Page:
Theater & art

Art Review

Hajjaj’s rollicking ‘Rock Stars’ exhibit pops with color

Hassan Hajjaj’s “Mandisa Dumezweni,” part of his “My Rock Stars” show at the Worcester Art Museum.

Hassan Hajjaj and Taymour Grahne Gallery

Hassan Hajjaj’s “Mandisa Dumezweni,” part of his “My Rock Stars” show at the Worcester Art Museum.

WORCESTER — Call Hassan Hajjaj an artist and an impresario. He has his hands in many pies and his products in many markets: photography, furniture and textile design, installation art, film. His work has a visceral, feel-good effect.

His prototype is Andy Warhol. Japanese Pop artist Takashi Murakami is his kin. Such artists seamlessly blend elements of high and low, refined and popular. They traffic in magnetic themes that many people respond to. Where Warhol capitalized on Americans’ infatuation with pop culture and Murakami plugs into a supercharged Japanese aesthetic for slick, flat, and cute, the Moroccan-born Hajjaj finds his niche in world music, fashion photography, and the welcoming aura of salons and markets in Marrakech.

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You might be tempted to linger for a while in “Hassan Hajjaj: My Rock Stars,” his installation at the Worcester Art Museum. Jon L. Seydl, director of curatorial affairs at the museum, told me that he tapped Hajjaj’s show, which was organized by the Newark Museum, because it balances accessibility with conceptual rigor.

Art shouldn’t have to be accessible. As a window to the unspoken and inchoate rumblings in our personal and societal lives, it necessarily takes on thorny themes. However, a lot of contemporary art — installation and performance, in particular — strives to catalyze its viewer’s experience. The art is more than something to gaze upon; it’s a small-scale theme park.

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Hajjaj’s infectious and rollicking exhibit has that quality. It succeeds because it has many layers — an immersive environment, inviting sound, eye-popping patterns, furniture to sit on, and a warm-hearted embrace of globalization.


At its heart thrums a nine-channel video installation spotlighting world music. Each of the vertical monitors depicts a musician or a duo. They each get up to play, and all the others turn to watch, nodding and keeping the beat. The musicians are professionals, but they don’t all have a wide following; Hajjaj tapped them because they’re his friends.

The music has grace and urgency, from the insistent, sensual merengue of Venezuelan singer Luzmira Zerpa to the ethereal instrumentals of Boubacar Kafando and Simo Lagnawi, who perform gnawa, an African Islamic devotional music.

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Hajjaj has set the videos in a darkened room, filled with seats made of overturned plastic Coca-Cola crates and cans topped with cushions. Visitors can also relax on similar seats in welcoming areas outside the video installation. Hajjaj has his own furniture line, repurposing common utilitarian objects from North Africa. The arrangement puts us in a cozy salon, and makes the performances feel intimate, as if it’s just the musicians and us.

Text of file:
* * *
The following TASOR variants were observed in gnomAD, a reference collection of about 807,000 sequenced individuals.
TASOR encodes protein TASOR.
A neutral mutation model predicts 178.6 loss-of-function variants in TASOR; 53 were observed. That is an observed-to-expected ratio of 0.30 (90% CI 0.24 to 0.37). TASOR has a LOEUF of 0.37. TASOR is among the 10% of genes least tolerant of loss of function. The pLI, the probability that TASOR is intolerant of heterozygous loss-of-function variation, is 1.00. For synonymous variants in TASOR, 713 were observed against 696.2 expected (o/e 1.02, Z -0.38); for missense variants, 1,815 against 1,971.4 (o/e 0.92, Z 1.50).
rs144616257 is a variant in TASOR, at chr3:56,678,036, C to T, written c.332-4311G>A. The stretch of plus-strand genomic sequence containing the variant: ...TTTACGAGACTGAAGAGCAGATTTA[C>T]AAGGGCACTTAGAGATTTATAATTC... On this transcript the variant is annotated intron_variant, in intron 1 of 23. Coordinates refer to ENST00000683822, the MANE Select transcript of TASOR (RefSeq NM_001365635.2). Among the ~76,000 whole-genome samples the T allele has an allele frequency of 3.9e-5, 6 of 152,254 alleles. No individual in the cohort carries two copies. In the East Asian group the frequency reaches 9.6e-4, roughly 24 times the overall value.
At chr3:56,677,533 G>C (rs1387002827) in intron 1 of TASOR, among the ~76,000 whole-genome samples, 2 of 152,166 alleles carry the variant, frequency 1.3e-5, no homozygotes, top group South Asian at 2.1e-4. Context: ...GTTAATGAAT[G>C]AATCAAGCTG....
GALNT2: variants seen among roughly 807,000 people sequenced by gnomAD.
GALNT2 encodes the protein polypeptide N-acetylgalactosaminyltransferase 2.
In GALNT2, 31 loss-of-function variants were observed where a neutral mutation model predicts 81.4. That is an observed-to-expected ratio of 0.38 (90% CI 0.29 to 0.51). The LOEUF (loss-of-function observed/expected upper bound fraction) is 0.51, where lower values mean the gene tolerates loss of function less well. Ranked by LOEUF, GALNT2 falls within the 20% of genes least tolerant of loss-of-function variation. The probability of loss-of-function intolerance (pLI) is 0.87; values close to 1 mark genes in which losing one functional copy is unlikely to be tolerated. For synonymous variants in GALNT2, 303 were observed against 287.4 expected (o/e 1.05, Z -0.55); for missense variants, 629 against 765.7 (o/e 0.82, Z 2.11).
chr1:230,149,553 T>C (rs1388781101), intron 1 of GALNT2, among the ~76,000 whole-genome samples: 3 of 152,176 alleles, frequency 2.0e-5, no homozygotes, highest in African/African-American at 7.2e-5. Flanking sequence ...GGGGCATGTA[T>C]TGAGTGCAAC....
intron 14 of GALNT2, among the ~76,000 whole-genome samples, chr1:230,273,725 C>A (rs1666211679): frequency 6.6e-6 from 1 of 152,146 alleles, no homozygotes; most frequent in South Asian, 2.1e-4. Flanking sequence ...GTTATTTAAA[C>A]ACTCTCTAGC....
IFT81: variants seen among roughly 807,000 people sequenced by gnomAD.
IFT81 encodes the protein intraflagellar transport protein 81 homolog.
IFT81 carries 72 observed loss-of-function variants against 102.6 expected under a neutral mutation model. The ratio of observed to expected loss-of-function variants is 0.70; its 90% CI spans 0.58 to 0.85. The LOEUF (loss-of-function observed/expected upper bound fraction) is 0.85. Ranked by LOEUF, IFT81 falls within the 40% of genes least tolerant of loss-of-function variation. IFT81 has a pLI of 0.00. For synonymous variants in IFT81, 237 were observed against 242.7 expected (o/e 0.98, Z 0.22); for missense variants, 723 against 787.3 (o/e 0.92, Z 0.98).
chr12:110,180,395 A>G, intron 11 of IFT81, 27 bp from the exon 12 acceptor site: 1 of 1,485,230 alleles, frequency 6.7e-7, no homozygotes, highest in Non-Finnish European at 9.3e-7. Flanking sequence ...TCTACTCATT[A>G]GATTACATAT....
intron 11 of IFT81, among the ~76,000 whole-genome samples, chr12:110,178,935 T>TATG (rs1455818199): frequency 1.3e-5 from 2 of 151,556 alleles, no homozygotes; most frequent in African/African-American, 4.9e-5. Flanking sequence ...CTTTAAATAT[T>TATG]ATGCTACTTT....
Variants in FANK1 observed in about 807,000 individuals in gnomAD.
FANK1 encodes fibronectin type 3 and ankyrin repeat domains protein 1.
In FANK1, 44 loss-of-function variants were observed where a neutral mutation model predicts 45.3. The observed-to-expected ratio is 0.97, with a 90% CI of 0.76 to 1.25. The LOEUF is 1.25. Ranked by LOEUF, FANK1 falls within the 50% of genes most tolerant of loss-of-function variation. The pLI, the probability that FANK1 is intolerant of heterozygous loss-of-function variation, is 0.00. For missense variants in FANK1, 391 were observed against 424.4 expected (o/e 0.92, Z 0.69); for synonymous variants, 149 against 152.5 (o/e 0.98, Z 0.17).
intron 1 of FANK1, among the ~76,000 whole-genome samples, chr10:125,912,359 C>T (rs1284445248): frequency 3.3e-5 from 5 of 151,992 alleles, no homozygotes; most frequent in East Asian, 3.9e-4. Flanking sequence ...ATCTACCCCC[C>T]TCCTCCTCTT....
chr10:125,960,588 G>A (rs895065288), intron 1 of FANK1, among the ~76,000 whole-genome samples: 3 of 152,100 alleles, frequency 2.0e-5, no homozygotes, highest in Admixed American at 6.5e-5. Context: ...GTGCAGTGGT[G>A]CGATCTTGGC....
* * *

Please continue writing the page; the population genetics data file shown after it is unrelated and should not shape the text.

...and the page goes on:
An installation view of the Hajjaj exhibit.

Hassan Hajjaj and Taymour Grahne Gallery, New York

An installation view of the Hajjaj exhibit.

The videos take off from extraordinary portraits Hajjaj took of the musicians, also on view. He styled them in brightly patterned clothes, against backdrops of carpets he designed. The portraits pay homage to Malian photographer Malick Sidibé, known for, among other things, his cool and relaxed black-and-white studio portraits. Hajjaj’s work has a similar exuberance, plus electrifying color.

His subjects come across as godlike, mysterious in dark glasses, their surroundings swirling and vibrating behind them. Mandisa Dumezweni, a South African hip-hop singer based in London, looks ferocious and powerful in a yellow blouse and tropical-hued pants against an electric blue ground.

Hajjaj didn’t go to art school. He moved to London with his family as a boy in the 1970s, and got involved in the club music scene there — hip-hop, reggae. As a young man, he ran underground clubs, dabbled in fashion design and styling, worked on music videos, and eventually took up photography. His early career was an apprenticeship in staging visually and aurally captivating events.

That’s what “My Rock Stars” is. Patterned wallpapers pulse and throb; one features a stop sign written in Arabic, which alternates with the same script, save for a different diacritical mark, which changes the meaning to “wake up!” Both ideas are at work here: The installation invites respite, even as it buzzes with life.

Not everything is as effective. A metallic sign in Arabic translates as “no pissing,” a warning often written on city walls in Marrakech. Elevating it to gleaming metal signage is a weak attempt to turn low to high.

Then Hajjaj, who orchestrated much of the installation on Skype, instructed Seydl to find products to place on shelves in the exhibition, invoking Pop Art and a marketplace. Attempting to pull Worcester into this already global picture, Seydl chose two local products, Table Talk Pies and Polar beverages, along with other American standbys such as Barbasol shaving cream. These feel so local — and so perennial as to be stopped in time — that they look comically out of place.

But these are small missteps. “My Rock Stars” is a genuine celebration with a compelling gestalt, alive in its welcoming music and rhythmic patterns, smart, and, yes, perfectly accessible.

Art Review

Hassan Hajjaj: My Rock Stars

At Worcester Art Museum,

55 Salisbury St., Worcester,

through March 6. 508-799-4406, www.worcesterart.org

Cate McQuaid can be reached at catemcquaid@gmail.com. Follow her on Twitter @cmcq.
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